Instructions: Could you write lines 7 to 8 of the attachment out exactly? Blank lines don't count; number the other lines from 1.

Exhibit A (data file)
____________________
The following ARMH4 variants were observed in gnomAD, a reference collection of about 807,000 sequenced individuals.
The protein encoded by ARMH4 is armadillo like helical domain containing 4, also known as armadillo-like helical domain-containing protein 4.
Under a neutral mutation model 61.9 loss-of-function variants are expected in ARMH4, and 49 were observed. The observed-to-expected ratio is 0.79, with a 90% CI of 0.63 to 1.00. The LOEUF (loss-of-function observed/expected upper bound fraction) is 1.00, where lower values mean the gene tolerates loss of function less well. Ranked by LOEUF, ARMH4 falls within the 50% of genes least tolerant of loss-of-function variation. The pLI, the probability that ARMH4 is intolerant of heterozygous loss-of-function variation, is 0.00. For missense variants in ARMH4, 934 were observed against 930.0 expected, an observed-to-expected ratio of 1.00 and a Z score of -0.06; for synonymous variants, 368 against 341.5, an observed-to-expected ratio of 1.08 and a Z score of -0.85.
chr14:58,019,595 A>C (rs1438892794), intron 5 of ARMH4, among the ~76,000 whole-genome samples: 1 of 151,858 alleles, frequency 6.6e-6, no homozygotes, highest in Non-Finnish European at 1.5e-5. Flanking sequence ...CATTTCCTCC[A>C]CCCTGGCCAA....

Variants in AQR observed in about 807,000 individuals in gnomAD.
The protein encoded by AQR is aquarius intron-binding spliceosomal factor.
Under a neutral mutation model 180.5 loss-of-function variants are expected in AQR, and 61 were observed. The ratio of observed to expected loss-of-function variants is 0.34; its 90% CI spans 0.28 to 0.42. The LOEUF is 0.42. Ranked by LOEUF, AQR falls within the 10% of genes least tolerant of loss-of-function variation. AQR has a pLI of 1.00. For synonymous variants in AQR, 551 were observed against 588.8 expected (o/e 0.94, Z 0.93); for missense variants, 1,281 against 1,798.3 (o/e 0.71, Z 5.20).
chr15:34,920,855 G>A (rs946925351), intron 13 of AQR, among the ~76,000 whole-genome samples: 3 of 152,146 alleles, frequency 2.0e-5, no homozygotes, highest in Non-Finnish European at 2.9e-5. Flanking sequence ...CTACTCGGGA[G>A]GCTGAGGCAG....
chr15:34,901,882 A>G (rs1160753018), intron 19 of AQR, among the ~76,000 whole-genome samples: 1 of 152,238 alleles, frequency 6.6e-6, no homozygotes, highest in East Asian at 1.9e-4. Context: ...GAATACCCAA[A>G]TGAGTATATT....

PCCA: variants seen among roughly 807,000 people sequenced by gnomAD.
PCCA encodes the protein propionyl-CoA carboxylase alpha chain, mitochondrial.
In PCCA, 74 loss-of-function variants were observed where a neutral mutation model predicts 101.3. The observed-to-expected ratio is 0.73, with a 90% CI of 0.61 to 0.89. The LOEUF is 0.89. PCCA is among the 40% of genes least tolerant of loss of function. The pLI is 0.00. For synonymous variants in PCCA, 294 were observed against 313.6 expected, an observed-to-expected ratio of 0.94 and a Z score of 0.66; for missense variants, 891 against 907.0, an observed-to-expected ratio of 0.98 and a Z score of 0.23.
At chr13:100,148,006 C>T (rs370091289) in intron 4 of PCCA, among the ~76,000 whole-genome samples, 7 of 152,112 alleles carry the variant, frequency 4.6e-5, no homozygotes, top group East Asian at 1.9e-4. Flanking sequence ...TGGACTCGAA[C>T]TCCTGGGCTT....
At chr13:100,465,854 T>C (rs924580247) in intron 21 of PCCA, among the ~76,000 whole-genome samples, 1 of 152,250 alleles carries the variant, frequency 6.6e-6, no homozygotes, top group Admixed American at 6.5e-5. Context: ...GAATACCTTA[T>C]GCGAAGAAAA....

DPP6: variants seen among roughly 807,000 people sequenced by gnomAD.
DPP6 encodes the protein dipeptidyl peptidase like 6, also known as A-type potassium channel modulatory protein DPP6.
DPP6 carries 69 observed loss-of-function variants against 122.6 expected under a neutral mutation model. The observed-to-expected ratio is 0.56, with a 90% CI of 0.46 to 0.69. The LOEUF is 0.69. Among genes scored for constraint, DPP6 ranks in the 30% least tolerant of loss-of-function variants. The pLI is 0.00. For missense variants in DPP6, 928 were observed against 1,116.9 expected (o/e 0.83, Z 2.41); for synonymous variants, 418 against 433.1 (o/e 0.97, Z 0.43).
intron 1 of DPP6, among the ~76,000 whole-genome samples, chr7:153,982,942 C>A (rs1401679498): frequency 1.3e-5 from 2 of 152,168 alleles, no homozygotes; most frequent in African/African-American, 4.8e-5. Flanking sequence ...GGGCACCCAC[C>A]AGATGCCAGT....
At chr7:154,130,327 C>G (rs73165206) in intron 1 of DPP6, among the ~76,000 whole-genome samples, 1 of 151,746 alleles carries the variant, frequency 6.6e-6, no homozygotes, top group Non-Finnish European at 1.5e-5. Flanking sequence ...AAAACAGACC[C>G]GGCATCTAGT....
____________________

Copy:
Under a neutral mutation model 180.5 loss-of-function variants are expected in AQR, and 61 were observed. The ratio of observed to expected loss-of-function variants is 0.34; its 90% CI spans 0.28 to 0.42. The LOEUF is 0.42. Ranked by LOEUF, AQR falls within the 10% of genes least tolerant of loss-of-function variation. AQR has a pLI of 1.00. For synonymous variants in AQR, 551 were observed against 588.8 expected (o/e 0.94, Z 0.93); for missense variants, 1,281 against 1,798.3 (o/e 0.71, Z 5.20).
chr15:34,920,855 G>A (rs946925351), intron 13 of AQR, among the ~76,000 whole-genome samples: 3 of 152,146 alleles, frequency 2.0e-5, no homozygotes, highest in Non-Finnish European at 2.9e-5. Flanking sequence ...CTACTCGGGA[G>A]GCTGAGGCAG....